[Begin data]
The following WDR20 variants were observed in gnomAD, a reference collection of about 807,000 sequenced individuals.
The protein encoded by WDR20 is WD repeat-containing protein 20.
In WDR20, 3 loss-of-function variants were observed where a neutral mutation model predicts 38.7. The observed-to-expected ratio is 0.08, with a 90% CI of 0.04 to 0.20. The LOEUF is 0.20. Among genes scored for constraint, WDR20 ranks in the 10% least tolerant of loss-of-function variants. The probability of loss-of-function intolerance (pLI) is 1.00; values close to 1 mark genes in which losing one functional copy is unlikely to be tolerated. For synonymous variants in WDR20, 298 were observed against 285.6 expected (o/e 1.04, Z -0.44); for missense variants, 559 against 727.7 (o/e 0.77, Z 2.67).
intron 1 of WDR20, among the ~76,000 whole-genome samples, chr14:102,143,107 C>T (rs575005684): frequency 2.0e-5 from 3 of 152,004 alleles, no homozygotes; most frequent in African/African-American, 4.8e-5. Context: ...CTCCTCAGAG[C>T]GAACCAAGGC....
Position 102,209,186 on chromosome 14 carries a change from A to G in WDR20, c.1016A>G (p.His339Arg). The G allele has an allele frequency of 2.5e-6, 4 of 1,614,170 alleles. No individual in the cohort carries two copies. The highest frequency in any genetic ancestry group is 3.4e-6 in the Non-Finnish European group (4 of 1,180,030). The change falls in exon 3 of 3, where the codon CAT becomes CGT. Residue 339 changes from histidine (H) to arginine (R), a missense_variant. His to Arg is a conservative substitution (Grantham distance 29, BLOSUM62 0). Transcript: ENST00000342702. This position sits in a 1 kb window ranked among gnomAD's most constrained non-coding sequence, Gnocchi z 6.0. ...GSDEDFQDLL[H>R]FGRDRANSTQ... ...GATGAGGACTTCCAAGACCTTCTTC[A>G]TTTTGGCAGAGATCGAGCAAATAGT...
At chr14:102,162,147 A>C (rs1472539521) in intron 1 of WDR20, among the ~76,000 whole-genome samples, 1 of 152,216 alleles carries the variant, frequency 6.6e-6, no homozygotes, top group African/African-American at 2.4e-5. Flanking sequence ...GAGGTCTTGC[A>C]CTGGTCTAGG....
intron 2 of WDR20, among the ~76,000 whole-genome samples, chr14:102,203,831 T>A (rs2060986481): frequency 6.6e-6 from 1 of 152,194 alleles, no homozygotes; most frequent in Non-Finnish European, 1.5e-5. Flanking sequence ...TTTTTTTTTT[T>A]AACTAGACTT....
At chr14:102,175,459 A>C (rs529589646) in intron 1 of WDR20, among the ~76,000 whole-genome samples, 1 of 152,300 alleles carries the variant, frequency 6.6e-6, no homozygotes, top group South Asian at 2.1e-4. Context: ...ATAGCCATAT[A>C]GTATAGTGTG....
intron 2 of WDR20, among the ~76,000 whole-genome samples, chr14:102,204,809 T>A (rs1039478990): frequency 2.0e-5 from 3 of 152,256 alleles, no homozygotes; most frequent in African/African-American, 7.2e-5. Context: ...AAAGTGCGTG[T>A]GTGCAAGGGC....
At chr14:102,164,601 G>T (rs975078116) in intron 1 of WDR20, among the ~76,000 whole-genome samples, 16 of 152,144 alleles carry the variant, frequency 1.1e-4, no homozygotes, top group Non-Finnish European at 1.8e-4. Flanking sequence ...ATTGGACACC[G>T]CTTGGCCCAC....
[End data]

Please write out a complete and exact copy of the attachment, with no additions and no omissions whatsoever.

The following WDR20 variants were observed in gnomAD, a reference collection of about 807,000 sequenced individuals.
The protein encoded by WDR20 is WD repeat-containing protein 20.
In WDR20, 3 loss-of-function variants were observed where a neutral mutation model predicts 38.7. The observed-to-expected ratio is 0.08, with a 90% CI of 0.04 to 0.20. The LOEUF is 0.20. Among genes scored for constraint, WDR20 ranks in the 10% least tolerant of loss-of-function variants. The probability of loss-of-function intolerance (pLI) is 1.00; values close to 1 mark genes in which losing one functional copy is unlikely to be tolerated. For synonymous variants in WDR20, 298 were observed against 285.6 expected (o/e 1.04, Z -0.44); for missense variants, 559 against 727.7 (o/e 0.77, Z 2.67).
intron 1 of WDR20, among the ~76,000 whole-genome samples, chr14:102,143,107 C>T (rs575005684): frequency 2.0e-5 from 3 of 152,004 alleles, no homozygotes; most frequent in African/African-American, 4.8e-5. Context: ...CTCCTCAGAG[C>T]GAACCAAGGC....
Position 102,209,186 on chromosome 14 carries a change from A to G in WDR20, c.1016A>G (p.His339Arg). The G allele has an allele frequency of 2.5e-6, 4 of 1,614,170 alleles. No individual in the cohort carries two copies. The highest frequency in any genetic ancestry group is 3.4e-6 in the Non-Finnish European group (4 of 1,180,030). The change falls in exon 3 of 3, where the codon CAT becomes CGT. Residue 339 changes from histidine (H) to arginine (R), a missense_variant. His to Arg is a conservative substitution (Grantham distance 29, BLOSUM62 0). Transcript: ENST00000342702. This position sits in a 1 kb window ranked among gnomAD's most constrained non-coding sequence, Gnocchi z 6.0. ...GSDEDFQDLL[H>R]FGRDRANSTQ... ...GATGAGGACTTCCAAGACCTTCTTC[A>G]TTTTGGCAGAGATCGAGCAAATAGT...
At chr14:102,162,147 A>C (rs1472539521) in intron 1 of WDR20, among the ~76,000 whole-genome samples, 1 of 152,216 alleles carries the variant, frequency 6.6e-6, no homozygotes, top group African/African-American at 2.4e-5. Flanking sequence ...GAGGTCTTGC[A>C]CTGGTCTAGG....
intron 2 of WDR20, among the ~76,000 whole-genome samples, chr14:102,203,831 T>A (rs2060986481): frequency 6.6e-6 from 1 of 152,194 alleles, no homozygotes; most frequent in Non-Finnish European, 1.5e-5. Flanking sequence ...TTTTTTTTTT[T>A]AACTAGACTT....
At chr14:102,175,459 A>C (rs529589646) in intron 1 of WDR20, among the ~76,000 whole-genome samples, 1 of 152,300 alleles carries the variant, frequency 6.6e-6, no homozygotes, top group South Asian at 2.1e-4. Context: ...ATAGCCATAT[A>C]GTATAGTGTG....
intron 2 of WDR20, among the ~76,000 whole-genome samples, chr14:102,204,809 T>A (rs1039478990): frequency 2.0e-5 from 3 of 152,256 alleles, no homozygotes; most frequent in African/African-American, 7.2e-5. Context: ...AAAGTGCGTG[T>A]GTGCAAGGGC....
At chr14:102,164,601 G>T (rs975078116) in intron 1 of WDR20, among the ~76,000 whole-genome samples, 16 of 152,144 alleles carry the variant, frequency 1.1e-4, no homozygotes, top group Non-Finnish European at 1.8e-4. Flanking sequence ...ATTGGACACC[G>T]CTTGGCCCAC....